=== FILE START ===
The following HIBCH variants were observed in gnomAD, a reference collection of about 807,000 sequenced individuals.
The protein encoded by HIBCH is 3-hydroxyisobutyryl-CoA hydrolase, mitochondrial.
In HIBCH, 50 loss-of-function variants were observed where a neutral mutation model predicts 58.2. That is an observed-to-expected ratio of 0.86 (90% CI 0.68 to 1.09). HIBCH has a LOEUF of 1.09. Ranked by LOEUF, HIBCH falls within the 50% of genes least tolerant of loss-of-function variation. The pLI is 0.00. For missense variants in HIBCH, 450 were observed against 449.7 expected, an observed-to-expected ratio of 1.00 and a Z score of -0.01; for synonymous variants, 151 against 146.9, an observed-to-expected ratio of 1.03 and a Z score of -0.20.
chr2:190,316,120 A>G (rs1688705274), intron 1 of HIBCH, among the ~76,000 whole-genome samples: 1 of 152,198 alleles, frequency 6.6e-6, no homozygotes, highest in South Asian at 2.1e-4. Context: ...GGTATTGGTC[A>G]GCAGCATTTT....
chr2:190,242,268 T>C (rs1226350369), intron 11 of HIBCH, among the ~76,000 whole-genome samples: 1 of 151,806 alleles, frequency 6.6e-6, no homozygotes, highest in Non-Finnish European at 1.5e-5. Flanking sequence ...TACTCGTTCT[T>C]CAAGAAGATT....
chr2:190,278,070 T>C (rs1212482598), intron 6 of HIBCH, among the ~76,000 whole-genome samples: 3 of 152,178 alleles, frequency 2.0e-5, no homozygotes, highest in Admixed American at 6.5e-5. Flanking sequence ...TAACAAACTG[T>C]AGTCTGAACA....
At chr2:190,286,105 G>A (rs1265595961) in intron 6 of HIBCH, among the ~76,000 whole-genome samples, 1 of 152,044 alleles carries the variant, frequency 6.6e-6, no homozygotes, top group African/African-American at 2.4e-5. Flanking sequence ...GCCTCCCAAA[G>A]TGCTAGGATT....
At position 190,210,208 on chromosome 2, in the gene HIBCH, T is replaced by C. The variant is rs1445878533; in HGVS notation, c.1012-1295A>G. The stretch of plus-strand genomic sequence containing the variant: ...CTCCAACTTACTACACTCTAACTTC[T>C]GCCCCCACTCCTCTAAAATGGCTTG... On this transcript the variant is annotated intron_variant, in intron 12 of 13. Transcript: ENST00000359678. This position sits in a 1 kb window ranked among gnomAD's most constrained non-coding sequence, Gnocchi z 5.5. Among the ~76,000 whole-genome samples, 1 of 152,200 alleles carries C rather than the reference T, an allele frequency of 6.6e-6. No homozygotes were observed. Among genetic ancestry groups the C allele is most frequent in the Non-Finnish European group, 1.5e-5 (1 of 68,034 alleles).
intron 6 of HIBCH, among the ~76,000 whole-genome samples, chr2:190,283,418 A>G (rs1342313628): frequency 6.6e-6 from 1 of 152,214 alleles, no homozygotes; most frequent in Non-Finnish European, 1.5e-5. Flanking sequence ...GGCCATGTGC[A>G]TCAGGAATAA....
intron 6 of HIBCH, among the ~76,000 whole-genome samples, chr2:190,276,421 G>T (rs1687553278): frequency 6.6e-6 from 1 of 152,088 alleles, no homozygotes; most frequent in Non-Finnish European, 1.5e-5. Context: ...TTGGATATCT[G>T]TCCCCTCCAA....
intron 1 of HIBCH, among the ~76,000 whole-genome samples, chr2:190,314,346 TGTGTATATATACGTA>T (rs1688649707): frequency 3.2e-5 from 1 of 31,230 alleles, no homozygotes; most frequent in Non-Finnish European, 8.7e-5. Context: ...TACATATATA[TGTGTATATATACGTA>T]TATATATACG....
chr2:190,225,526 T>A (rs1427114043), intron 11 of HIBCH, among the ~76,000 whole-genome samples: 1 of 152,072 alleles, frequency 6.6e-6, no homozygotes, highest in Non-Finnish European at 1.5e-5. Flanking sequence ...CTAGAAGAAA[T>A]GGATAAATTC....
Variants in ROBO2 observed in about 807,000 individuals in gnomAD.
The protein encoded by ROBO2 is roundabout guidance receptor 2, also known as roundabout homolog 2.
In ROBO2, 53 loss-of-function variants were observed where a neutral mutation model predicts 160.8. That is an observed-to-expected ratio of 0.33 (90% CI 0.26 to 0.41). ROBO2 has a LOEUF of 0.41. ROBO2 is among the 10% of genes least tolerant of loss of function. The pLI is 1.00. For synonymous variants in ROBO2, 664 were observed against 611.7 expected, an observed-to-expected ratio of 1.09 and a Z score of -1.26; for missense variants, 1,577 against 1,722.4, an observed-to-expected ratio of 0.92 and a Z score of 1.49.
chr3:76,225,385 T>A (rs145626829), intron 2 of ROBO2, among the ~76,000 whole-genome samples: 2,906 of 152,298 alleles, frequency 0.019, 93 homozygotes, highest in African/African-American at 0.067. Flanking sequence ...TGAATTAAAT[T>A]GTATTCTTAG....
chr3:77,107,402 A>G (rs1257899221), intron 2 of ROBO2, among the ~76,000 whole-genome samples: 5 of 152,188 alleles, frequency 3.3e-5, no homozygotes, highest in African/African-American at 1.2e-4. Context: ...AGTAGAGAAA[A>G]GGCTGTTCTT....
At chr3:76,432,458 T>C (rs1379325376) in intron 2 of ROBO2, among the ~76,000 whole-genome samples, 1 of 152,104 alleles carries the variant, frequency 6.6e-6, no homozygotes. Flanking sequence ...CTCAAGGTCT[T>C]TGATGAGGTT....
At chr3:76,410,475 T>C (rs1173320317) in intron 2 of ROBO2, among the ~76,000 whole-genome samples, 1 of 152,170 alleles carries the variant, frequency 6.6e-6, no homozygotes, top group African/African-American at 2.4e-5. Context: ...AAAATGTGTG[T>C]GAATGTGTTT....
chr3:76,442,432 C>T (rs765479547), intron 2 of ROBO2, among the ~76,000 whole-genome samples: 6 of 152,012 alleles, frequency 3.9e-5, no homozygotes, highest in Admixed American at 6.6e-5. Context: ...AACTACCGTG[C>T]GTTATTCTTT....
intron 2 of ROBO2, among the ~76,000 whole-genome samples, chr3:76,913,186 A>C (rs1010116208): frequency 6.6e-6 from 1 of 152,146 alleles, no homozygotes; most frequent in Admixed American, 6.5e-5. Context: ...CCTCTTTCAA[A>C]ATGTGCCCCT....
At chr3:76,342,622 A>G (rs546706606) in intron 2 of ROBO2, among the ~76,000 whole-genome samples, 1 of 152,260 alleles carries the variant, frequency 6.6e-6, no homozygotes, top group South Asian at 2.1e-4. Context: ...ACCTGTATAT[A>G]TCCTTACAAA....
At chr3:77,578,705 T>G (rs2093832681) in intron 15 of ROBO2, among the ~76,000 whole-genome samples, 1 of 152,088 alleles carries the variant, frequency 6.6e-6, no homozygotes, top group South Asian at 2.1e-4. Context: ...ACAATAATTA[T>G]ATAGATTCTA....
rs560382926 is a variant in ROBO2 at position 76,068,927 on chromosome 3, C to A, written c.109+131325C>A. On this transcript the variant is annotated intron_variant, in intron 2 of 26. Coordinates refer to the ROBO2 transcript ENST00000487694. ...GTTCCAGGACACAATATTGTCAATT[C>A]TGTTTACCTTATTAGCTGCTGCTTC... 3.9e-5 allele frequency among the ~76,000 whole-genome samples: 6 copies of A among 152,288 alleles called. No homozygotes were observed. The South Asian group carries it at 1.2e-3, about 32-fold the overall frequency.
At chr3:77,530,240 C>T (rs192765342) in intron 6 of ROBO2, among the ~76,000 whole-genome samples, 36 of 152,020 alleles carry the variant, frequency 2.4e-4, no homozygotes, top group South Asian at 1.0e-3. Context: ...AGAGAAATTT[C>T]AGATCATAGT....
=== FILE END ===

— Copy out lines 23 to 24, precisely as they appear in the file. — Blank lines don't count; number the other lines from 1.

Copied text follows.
At chr3:77,578,705 T>G (rs2093832681) in intron 15 of ROBO2, among the ~76,000 whole-genome samples, 1 of 152,088 alleles carries the variant, frequency 6.6e-6, no homozygotes, top group South Asian at 2.1e-4. Context: ...ACAATAATTA[T>G]ATAGATTCTA....
rs560382926 is a variant in ROBO2 at position 76,068,927 on chromosome 3, C to A, written c.109+131325C>A. On this transcript the variant is annotated intron_variant, in intron 2 of 26. Coordinates refer to the ROBO2 transcript ENST00000487694. ...GTTCCAGGACACAATATTGTCAATT[C>A]TGTTTACCTTATTAGCTGCTGCTTC... 3.9e-5 allele frequency among the ~76,000 whole-genome samples: 6 copies of A among 152,288 alleles called. No homozygotes were observed. The South Asian group carries it at 1.2e-3, about 32-fold the overall frequency.